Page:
To start, the developers may as well have just gotten rid of Fly entirely for all the use it is compared to Soar, though it’s nice to note you can now Fly to any Route or Location on your map, and not just towns. Soar isn’t available until later in the game, but when you get it, the whole world opens up. You can fly anywhere–routes, mountains, oceans, towns, diving down low or way up high just to see the sights. You can only fly on Latios/Latias, but you can summon him/her from anywhere on the map at any time, regardless of whether or not he/she is in your party.

Soaring lets you encounter flocks of flying Pokemon as you go, but from time to time you may run across Mirage Spots–dark zones on the map with hidden legendary Pokemon inside of them. The Mirage Spots are, like the old Mirage Island, never guaranteed to appear and seem to change from day to day, so it’s worth checking often. Soaring also opens up several hidden areas only accessible by using the ability, some of which contain rare Pokemon or Secret Base locations. Soaring was desperately needed for the Pokemon games, and it’s a load of fun.

The journey Continues…

Without giving away any specifics after the 8th gym (I’m not much farther past it myself–this is a really long game…in a good way!), this game gives every indication of having a fabulous endgame. From what I’ve seen so far and the recent reveals from Nintendo about the Delta Episode, the endgame promises to be stuffed full of rare Pokemon encounters, rematches, storyline, contests, and exploration. The storyline sets up a potential endgame perfectly. Birch gives you a tantalizing hint after beating Groudon/Kyogre that Hoenn’s environment and Pokemon may have changed, and I can’t wait to see what that entails. And even without that, just traveling through Hoenn casually reveals tons of places to Dive, Strength, Cut, and Surf your way into secrets. There’s several oceanic routes you never have to explore as part of the main storyline, secret areas in caves that are worth going back to with your bike/more HMs, and hidden locales on the map that I haven’t figured out how to get to yet.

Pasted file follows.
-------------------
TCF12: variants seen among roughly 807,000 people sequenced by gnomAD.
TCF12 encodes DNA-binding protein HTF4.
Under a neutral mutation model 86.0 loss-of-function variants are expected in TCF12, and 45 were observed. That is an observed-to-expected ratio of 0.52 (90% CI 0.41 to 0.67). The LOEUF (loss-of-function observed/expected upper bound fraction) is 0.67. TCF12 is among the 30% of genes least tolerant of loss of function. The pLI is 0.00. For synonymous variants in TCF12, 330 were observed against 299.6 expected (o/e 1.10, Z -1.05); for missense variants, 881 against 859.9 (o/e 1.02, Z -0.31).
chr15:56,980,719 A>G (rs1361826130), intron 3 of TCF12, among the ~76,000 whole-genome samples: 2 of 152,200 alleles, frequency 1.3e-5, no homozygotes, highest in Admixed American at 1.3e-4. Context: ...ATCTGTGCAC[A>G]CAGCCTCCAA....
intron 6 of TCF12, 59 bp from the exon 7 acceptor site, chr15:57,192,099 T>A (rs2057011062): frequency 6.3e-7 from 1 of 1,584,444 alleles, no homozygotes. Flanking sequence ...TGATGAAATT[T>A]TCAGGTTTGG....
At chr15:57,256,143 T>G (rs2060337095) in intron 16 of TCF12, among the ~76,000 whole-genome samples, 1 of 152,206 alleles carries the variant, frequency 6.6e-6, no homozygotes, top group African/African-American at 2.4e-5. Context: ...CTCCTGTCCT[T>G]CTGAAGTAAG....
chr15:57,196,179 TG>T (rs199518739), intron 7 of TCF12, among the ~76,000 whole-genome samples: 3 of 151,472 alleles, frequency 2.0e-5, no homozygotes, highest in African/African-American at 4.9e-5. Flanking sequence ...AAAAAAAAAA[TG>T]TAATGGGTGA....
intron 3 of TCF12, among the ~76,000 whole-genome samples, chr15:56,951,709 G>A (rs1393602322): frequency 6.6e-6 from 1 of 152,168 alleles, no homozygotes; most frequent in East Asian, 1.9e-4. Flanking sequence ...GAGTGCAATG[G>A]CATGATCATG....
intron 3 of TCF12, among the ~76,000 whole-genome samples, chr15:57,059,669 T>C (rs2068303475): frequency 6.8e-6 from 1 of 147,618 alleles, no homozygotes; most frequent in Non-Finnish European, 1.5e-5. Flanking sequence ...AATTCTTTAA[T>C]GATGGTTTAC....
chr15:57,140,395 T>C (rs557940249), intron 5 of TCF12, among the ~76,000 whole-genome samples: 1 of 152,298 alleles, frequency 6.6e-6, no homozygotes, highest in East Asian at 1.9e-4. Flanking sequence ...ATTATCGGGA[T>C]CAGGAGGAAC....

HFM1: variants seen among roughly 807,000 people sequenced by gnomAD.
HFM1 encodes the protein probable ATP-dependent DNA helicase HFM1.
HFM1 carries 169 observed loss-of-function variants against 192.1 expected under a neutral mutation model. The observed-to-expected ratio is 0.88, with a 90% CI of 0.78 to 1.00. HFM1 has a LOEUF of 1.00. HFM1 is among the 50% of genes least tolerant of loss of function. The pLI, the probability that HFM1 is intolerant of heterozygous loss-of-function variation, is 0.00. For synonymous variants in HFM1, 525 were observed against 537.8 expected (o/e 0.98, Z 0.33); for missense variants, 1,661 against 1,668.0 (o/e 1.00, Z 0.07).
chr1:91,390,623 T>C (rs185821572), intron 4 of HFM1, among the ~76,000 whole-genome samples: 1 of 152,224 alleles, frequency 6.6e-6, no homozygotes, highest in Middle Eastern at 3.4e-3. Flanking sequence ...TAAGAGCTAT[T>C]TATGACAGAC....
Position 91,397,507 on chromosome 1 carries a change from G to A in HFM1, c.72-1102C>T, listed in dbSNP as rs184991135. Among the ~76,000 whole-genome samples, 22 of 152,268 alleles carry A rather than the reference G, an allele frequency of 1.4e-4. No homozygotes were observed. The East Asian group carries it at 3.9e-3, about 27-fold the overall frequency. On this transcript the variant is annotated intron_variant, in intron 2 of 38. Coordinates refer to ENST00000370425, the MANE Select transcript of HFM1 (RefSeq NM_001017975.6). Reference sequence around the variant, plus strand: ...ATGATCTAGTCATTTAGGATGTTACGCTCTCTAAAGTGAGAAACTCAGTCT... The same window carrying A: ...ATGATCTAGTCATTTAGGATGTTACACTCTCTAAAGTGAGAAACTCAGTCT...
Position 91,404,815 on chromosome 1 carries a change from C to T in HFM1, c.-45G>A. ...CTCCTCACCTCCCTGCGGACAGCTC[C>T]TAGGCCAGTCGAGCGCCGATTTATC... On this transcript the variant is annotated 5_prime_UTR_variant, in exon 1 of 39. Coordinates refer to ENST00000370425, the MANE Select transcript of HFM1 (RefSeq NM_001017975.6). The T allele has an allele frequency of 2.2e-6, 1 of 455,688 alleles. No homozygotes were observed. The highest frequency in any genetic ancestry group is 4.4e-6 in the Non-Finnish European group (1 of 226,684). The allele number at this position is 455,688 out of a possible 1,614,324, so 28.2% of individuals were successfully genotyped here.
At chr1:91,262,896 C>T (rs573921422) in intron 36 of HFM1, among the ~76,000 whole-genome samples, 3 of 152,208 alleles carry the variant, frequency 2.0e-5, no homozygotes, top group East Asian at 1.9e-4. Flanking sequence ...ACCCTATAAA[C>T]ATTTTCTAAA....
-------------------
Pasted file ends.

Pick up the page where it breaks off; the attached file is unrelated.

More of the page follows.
Plus, NPCs in towns hint at more–there’s a hotel that hasn’t opened yet, and I keep hoping it will so it will host visitors from other regions like the hotels in X/Y. There’s a house with a door that remains locked, and an Old Man waits for it to open. The mysterious girl from the elevator in X/Y returns. While I can’t score on things I hope to find, the potential for secrets and exploration in this game remains pretty staggering. I remember the original games having tons of playtime after the Elite Four, and ORAS gives every indication of having even more.


Pokemon Omega Ruby and Pokemon Alpha Sapphire are beautiful love letters to the original games. Though they have a few flaws that keep them from being perfect games, those flaws are hardly noticeable in light of the beauty and excitement of your trip through Hoenn, and largely consist of “should’ve done ____ instead” rather than being true flaws. Whether you’re a series veteran who remembers the old games, a greener trainer who is playing them for the first time, or completely unfamiliar with Pokemon, Pokemon ORAS is a fabulous and fun installment in the series. It takes all the good that was established in X and Y, and completes it almost perfectly.

I feel confident in saying that these are some of the best titles Pokemon has come out with. Go get these games and play the heck out of them. Come Friday, I hope to see you all in Hoenn!

A copy of this game was provided to GameSided for the purpose of this review. Click here to learn more about our Review Policy.